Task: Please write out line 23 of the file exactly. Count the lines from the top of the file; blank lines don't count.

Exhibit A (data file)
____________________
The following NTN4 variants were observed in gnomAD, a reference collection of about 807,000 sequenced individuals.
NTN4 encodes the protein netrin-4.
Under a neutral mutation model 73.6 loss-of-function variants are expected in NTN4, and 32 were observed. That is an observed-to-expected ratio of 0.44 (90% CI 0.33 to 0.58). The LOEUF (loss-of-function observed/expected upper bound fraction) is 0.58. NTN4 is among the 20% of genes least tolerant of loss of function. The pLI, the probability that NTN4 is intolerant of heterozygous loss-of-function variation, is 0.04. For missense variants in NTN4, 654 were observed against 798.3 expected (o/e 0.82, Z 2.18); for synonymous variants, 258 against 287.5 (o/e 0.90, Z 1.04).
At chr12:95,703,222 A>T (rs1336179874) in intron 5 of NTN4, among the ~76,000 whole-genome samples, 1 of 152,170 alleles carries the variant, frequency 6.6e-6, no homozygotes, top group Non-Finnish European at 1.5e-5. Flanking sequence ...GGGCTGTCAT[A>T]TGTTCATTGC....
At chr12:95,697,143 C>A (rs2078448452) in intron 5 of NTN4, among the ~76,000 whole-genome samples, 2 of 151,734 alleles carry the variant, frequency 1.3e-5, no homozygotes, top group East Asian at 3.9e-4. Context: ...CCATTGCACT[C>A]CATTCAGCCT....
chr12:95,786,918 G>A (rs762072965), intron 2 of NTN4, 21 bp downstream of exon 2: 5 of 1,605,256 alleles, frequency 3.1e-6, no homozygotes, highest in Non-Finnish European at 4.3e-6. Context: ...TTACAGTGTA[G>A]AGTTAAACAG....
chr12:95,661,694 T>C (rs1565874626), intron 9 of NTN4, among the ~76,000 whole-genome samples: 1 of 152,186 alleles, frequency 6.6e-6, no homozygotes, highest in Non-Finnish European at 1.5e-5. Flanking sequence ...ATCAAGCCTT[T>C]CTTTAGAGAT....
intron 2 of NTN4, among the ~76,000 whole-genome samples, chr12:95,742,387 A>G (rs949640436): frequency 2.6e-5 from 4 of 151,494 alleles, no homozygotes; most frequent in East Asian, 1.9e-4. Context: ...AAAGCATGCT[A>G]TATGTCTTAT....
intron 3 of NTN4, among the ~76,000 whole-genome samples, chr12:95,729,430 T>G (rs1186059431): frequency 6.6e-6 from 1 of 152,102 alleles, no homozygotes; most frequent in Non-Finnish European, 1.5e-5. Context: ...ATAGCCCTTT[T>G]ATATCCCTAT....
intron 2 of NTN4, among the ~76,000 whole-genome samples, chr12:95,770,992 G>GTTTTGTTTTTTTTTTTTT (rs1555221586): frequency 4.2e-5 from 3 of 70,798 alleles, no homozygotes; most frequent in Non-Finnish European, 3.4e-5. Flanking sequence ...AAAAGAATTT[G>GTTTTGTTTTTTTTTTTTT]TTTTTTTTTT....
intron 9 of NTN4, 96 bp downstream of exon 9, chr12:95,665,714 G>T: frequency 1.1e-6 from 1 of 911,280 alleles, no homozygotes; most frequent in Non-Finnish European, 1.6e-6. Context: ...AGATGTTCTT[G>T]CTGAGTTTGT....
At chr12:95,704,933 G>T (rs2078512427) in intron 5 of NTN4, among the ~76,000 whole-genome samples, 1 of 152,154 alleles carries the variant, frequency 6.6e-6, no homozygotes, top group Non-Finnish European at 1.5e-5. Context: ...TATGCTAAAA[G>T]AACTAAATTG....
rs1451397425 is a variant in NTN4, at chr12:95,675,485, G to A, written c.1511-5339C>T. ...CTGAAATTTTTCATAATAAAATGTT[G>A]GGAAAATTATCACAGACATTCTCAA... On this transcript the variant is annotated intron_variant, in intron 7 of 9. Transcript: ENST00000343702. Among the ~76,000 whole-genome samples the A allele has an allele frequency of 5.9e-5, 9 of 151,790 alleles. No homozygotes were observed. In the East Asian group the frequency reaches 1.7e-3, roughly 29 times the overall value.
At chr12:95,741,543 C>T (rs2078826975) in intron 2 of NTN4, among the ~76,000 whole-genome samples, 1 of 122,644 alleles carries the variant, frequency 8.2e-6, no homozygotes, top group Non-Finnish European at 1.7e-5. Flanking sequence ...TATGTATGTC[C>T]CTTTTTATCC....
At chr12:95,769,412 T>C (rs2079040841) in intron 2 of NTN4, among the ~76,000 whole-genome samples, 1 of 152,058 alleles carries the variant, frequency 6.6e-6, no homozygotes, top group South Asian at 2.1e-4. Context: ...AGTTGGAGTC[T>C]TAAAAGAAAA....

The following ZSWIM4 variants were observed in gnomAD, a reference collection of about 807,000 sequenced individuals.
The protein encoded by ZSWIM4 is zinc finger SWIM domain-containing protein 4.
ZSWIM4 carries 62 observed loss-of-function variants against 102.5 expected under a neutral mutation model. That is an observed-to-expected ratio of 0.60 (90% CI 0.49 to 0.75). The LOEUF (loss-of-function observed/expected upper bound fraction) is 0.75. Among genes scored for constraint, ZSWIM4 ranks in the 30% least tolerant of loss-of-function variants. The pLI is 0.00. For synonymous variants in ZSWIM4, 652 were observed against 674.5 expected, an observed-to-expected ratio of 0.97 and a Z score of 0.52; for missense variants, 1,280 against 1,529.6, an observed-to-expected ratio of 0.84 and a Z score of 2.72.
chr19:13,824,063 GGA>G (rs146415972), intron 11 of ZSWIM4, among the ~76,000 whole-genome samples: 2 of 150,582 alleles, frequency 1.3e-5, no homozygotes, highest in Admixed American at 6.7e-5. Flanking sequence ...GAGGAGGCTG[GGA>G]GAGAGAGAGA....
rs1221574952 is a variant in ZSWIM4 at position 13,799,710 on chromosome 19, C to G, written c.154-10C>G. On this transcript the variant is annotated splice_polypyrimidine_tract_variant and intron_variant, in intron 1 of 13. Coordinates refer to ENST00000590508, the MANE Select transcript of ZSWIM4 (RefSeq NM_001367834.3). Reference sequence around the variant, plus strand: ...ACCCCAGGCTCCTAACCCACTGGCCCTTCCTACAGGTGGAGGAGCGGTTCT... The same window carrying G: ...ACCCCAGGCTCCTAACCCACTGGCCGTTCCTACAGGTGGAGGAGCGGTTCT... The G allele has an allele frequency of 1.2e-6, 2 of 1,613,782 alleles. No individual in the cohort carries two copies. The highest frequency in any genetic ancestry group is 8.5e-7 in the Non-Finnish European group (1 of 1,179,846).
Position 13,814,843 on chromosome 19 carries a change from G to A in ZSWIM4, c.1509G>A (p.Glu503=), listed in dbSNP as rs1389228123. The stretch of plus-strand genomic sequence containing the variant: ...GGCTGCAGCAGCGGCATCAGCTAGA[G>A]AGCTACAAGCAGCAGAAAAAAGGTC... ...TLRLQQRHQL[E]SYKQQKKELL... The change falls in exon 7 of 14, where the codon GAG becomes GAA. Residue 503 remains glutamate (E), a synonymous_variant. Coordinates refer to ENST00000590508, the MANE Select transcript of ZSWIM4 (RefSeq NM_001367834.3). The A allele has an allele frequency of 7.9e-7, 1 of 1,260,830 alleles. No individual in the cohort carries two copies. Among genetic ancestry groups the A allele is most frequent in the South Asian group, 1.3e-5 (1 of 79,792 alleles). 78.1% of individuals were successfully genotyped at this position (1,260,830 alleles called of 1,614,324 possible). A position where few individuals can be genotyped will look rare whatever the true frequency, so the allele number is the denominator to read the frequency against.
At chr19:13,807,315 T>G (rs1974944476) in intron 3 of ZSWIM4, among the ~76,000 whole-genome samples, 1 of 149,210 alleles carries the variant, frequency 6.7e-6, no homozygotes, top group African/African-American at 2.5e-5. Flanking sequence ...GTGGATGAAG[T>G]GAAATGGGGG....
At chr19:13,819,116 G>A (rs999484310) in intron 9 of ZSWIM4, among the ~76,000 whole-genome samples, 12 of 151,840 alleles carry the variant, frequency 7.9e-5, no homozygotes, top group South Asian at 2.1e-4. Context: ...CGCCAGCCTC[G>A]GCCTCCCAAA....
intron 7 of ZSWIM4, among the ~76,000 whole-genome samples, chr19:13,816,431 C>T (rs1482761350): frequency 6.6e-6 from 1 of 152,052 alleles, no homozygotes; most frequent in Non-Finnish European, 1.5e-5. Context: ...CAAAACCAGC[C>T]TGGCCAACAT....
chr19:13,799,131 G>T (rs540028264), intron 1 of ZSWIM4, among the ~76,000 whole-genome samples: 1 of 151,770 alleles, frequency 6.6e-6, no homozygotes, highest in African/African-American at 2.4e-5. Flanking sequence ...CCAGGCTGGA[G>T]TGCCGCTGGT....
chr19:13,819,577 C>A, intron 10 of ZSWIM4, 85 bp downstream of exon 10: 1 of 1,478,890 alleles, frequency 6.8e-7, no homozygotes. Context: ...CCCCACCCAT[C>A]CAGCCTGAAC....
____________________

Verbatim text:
At chr19:13,819,116 G>A (rs999484310) in intron 9 of ZSWIM4, among the ~76,000 whole-genome samples, 12 of 151,840 alleles carry the variant, frequency 7.9e-5, no homozygotes, top group South Asian at 2.1e-4. Context: ...CGCCAGCCTC[G>A]GCCTCCCAAA....